Philippi: We planted around 600 trees, they were mostly apple trees, but the border of the orchard was lined with Pine trees to help protect the orchard from dust and the gnarly climate.
TGR: Skiing in South America is a wild experience. The terrain is incredible, yet in most places you (the foreigner) have more gear, skill, and experience than the locals. It’s a very different experience than going to a place like Europe where a strong ski culture exists. What do you feel like you’ve gained, personally and in your skiing, from going down south?
Philippi: Skiing in South America is an awesome experience. The mountains are beautiful, different, rocky, and usually the snowpack is quite stable (knock on wood). Trying to film a ski segment, however, is quite a challenge. They simply don’t have the consistency of snow that we enjoy in Jackson, Wyoming. The mountains are mostly above tree level and the snow is exposed to a harsh climate.
I have learned to be creative in the mountains and to make the most of what is available. In Chile in 2010, we had a really deep base, but no fresh snow, so we built a ton of jumps and utilized terrain park-like transitions. In Argentina, in 2011, we had a tiny base (2 feet deep), we were dodging rocks (and hitting rocks). We looked up to the tops of the mountains to find chutes and patches of mountain that were filled in enough to ski. But both segments came out fine in the end. All we had to do was be in the mountains everyday working our asses off.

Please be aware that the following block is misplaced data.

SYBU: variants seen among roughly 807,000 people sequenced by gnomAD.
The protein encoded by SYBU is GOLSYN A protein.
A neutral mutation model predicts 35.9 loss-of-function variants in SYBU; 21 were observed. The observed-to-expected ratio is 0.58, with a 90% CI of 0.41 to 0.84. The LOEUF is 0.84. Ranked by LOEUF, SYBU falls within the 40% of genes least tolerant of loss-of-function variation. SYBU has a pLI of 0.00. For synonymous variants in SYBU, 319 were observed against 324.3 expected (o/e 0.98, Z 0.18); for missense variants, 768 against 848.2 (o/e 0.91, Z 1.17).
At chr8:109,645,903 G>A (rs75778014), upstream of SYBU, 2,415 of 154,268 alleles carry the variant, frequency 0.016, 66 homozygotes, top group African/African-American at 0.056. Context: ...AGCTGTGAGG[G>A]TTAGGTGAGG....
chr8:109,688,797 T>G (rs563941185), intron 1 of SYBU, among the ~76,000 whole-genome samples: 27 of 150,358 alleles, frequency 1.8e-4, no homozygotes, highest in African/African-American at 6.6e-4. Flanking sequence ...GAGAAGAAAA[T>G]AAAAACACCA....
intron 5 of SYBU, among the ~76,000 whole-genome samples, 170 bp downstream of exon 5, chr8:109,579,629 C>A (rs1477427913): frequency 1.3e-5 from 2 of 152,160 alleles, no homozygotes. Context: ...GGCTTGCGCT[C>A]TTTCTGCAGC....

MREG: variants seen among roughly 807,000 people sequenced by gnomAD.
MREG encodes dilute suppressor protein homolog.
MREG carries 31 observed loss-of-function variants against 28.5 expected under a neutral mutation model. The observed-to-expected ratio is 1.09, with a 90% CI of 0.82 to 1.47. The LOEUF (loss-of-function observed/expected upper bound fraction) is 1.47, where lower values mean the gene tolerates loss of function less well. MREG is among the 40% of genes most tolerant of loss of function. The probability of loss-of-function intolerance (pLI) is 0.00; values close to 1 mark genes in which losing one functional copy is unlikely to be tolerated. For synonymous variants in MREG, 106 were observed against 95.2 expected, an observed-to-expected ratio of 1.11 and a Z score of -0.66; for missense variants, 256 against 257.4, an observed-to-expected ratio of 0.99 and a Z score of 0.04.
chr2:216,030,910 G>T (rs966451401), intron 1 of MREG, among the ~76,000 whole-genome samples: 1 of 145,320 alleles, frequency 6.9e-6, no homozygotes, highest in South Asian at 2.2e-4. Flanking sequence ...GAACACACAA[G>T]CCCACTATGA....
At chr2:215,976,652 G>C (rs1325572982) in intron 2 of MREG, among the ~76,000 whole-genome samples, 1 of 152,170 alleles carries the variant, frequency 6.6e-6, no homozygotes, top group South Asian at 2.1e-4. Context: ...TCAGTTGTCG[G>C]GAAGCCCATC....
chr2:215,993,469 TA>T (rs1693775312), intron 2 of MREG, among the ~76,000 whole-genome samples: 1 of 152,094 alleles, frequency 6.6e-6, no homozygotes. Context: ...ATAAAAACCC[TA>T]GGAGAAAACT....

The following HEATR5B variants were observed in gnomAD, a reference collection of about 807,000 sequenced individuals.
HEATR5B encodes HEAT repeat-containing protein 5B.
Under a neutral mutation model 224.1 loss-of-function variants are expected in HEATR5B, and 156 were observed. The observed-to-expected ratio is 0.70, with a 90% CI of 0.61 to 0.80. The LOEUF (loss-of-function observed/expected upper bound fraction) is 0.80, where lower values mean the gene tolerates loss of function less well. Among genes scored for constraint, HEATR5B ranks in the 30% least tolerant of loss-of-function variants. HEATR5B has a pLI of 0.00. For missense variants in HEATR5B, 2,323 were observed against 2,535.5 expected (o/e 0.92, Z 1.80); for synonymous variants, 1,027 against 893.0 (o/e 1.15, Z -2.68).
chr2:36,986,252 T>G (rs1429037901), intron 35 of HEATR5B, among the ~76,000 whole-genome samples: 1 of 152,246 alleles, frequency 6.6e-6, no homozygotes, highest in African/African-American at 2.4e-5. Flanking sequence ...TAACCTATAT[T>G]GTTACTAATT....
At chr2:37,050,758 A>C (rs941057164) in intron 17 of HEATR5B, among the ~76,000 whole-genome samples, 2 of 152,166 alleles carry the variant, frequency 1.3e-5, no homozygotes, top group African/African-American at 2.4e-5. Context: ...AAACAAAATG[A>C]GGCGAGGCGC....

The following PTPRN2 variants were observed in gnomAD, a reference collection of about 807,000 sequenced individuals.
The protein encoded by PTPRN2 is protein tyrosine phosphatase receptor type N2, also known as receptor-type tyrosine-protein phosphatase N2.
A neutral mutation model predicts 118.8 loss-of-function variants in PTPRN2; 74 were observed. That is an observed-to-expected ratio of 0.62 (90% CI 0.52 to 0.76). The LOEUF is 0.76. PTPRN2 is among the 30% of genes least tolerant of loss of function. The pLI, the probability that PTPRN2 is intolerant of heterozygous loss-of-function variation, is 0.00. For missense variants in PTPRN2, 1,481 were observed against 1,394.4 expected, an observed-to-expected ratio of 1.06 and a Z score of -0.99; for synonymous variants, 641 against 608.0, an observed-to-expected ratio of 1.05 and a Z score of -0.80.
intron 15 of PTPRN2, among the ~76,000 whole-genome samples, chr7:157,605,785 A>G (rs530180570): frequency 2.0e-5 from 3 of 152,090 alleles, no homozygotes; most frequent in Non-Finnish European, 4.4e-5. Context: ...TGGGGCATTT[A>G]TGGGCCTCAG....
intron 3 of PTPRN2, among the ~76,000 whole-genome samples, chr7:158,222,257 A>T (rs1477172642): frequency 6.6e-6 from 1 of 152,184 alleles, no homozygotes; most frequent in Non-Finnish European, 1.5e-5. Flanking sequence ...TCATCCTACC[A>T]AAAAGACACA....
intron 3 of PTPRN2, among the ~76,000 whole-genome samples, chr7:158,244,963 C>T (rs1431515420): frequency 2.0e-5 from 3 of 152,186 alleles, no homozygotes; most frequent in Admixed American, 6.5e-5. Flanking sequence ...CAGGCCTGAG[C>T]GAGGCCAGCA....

TGR: In Solitaire, the Sweetgrass crew focused a lot on the difficulties, the hateful wind, the changing conditions, the logistic difficulties of skiing in South America. They gave you this strong feeling of always fighting uphill and the desperation and struggle that is uniquely part of the South American ski experience. Have you felt the same way about your time skiing there?
Philippi: I touched on this in the above question. Yes, while you are trying to film a segment it is a challenge. But, what is important to us at The FullCircle Project, is being thankful and stoked to be in the mountains. At the completion of our volunteer project, we find ourselves incredibly happy to be skiing these amazing mountains and having shared our experience with inspiring people who call the Andes home. Snow conditions really aren’t that big of deal after witnessing the struggles of those less fortunate than you.
- Blog post
- 1 year ago
- Views: 422